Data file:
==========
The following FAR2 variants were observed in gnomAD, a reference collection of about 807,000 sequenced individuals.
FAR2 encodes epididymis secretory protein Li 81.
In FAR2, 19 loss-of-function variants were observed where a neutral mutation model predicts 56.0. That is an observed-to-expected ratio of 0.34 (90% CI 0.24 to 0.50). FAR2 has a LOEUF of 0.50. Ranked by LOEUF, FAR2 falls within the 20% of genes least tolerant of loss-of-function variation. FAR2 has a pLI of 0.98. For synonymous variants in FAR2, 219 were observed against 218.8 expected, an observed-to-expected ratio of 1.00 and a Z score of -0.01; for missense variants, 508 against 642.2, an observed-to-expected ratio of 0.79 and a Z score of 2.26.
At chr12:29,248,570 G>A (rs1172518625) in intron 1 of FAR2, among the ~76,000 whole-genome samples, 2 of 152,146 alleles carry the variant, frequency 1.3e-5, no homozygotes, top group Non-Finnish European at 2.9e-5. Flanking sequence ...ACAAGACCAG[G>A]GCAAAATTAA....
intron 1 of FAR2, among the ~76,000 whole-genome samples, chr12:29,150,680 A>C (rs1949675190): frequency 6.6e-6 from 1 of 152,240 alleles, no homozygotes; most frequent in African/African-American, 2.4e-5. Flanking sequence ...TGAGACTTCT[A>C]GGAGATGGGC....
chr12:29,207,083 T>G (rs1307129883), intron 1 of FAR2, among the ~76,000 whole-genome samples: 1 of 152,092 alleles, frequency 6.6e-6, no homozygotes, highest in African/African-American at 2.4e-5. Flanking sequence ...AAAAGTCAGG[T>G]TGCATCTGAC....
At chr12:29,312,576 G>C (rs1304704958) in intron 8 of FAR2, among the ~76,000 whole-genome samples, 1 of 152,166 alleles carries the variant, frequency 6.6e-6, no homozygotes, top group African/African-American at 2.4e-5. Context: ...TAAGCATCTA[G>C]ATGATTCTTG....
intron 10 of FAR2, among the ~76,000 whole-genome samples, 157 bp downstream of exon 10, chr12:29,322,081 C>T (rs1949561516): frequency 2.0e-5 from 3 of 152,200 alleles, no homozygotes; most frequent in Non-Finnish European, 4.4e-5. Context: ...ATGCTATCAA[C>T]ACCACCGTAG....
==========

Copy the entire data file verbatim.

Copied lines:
The following FAR2 variants were observed in gnomAD, a reference collection of about 807,000 sequenced individuals.
FAR2 encodes epididymis secretory protein Li 81.
In FAR2, 19 loss-of-function variants were observed where a neutral mutation model predicts 56.0. That is an observed-to-expected ratio of 0.34 (90% CI 0.24 to 0.50). FAR2 has a LOEUF of 0.50. Ranked by LOEUF, FAR2 falls within the 20% of genes least tolerant of loss-of-function variation. FAR2 has a pLI of 0.98. For synonymous variants in FAR2, 219 were observed against 218.8 expected, an observed-to-expected ratio of 1.00 and a Z score of -0.01; for missense variants, 508 against 642.2, an observed-to-expected ratio of 0.79 and a Z score of 2.26.
At chr12:29,248,570 G>A (rs1172518625) in intron 1 of FAR2, among the ~76,000 whole-genome samples, 2 of 152,146 alleles carry the variant, frequency 1.3e-5, no homozygotes, top group Non-Finnish European at 2.9e-5. Flanking sequence ...ACAAGACCAG[G>A]GCAAAATTAA....
intron 1 of FAR2, among the ~76,000 whole-genome samples, chr12:29,150,680 A>C (rs1949675190): frequency 6.6e-6 from 1 of 152,240 alleles, no homozygotes; most frequent in African/African-American, 2.4e-5. Flanking sequence ...TGAGACTTCT[A>C]GGAGATGGGC....
chr12:29,207,083 T>G (rs1307129883), intron 1 of FAR2, among the ~76,000 whole-genome samples: 1 of 152,092 alleles, frequency 6.6e-6, no homozygotes, highest in African/African-American at 2.4e-5. Flanking sequence ...AAAAGTCAGG[T>G]TGCATCTGAC....
At chr12:29,312,576 G>C (rs1304704958) in intron 8 of FAR2, among the ~76,000 whole-genome samples, 1 of 152,166 alleles carries the variant, frequency 6.6e-6, no homozygotes, top group African/African-American at 2.4e-5. Context: ...TAAGCATCTA[G>C]ATGATTCTTG....
intron 10 of FAR2, among the ~76,000 whole-genome samples, 157 bp downstream of exon 10, chr12:29,322,081 C>T (rs1949561516): frequency 2.0e-5 from 3 of 152,200 alleles, no homozygotes; most frequent in Non-Finnish European, 4.4e-5. Context: ...ATGCTATCAA[C>T]ACCACCGTAG....